For veterans with PTSD, the Fourth of July fireworks can cause flashbacks


The 4th of July can be a tough time for veterans.

They made our freedom possible but sometimes, celebrating that democracy can be too much.

“Mostly because it’s unexpected and we tend to have an exaggerated response to unexpected loud noises,” said 17-year-Army veteran Sean Lathrop.

When we think of Fourth of July, we think about fireworks lighting up the sky. 

But those sights and sounds can be a painful reminder of the past. 

“Not expecting it and having to react to it; makes you want to react the way you were trained to do in combat,” said Lathrop.

The retired Army veteran battles with post-traumatic stress disorder every day.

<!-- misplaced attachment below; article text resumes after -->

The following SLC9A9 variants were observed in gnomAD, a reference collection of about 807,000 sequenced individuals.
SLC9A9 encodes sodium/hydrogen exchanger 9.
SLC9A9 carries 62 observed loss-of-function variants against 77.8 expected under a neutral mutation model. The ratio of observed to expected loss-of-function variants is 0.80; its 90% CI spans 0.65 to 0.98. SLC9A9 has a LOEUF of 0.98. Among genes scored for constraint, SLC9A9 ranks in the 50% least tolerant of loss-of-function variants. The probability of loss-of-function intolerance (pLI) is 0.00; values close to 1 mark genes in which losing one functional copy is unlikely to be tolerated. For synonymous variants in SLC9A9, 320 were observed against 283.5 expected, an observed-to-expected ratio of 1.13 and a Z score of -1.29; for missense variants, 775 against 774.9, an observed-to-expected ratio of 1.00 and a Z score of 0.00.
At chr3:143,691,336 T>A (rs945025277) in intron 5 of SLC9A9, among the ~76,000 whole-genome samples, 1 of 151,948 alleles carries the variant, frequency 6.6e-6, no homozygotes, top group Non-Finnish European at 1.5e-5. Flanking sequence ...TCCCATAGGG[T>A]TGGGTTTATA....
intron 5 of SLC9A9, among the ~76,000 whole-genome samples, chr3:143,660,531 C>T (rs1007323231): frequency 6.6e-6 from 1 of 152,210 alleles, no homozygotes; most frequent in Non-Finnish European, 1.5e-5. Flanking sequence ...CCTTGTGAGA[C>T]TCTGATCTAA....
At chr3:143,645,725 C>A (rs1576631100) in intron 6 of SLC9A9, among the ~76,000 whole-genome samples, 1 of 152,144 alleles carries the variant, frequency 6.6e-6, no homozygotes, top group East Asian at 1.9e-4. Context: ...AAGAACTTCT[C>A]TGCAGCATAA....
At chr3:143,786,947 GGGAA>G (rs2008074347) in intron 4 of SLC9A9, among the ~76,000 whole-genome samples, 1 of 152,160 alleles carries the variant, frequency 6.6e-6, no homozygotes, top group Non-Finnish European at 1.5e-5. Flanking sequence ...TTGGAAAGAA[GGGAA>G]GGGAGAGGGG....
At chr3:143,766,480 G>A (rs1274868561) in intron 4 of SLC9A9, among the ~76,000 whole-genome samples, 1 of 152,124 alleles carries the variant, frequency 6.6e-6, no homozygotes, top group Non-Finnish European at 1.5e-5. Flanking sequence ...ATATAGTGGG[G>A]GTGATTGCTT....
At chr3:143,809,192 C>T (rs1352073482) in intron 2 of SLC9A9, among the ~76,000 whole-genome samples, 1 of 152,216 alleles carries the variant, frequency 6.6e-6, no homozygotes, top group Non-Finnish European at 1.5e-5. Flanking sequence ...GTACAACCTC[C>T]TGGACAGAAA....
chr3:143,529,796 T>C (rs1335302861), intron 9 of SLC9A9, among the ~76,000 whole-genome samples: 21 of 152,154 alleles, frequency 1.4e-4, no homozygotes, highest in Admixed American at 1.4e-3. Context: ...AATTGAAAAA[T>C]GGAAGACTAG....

He does not attend massive fireworks shows, because he doesn’t like the stress it puts on his family. 

“We’ll do our own little fireworks stuff at home but, the difference is I’m controlling it,” explained the Army veteran. “It’s not like the other firework shows that’s unexpected because of I’m in control of it.”

Here in downtown, the Augusta Warrior Project is helping our veterans, especially on independence day.

“This a holiday for everyone,” explained Deputy Director Don Clark. “Those diagnosed with PTSD, there are certain situations they are not going to put themselves in.”

Clark and Lathrop say they want the community to be especially aware of our veterans on this holiday. 

“Just a notification to be able to plan for it, that kind of stuff will be courteous,” said Lathrop.

“Veterans carry it very heavy on their shoulders and in their hearts, the fact we are celebrating our independence as a country,” said Clark.

If you plan to shoot fireworks for the 4th; alert your homeowners’ association. Then the whole neighborhood will know.

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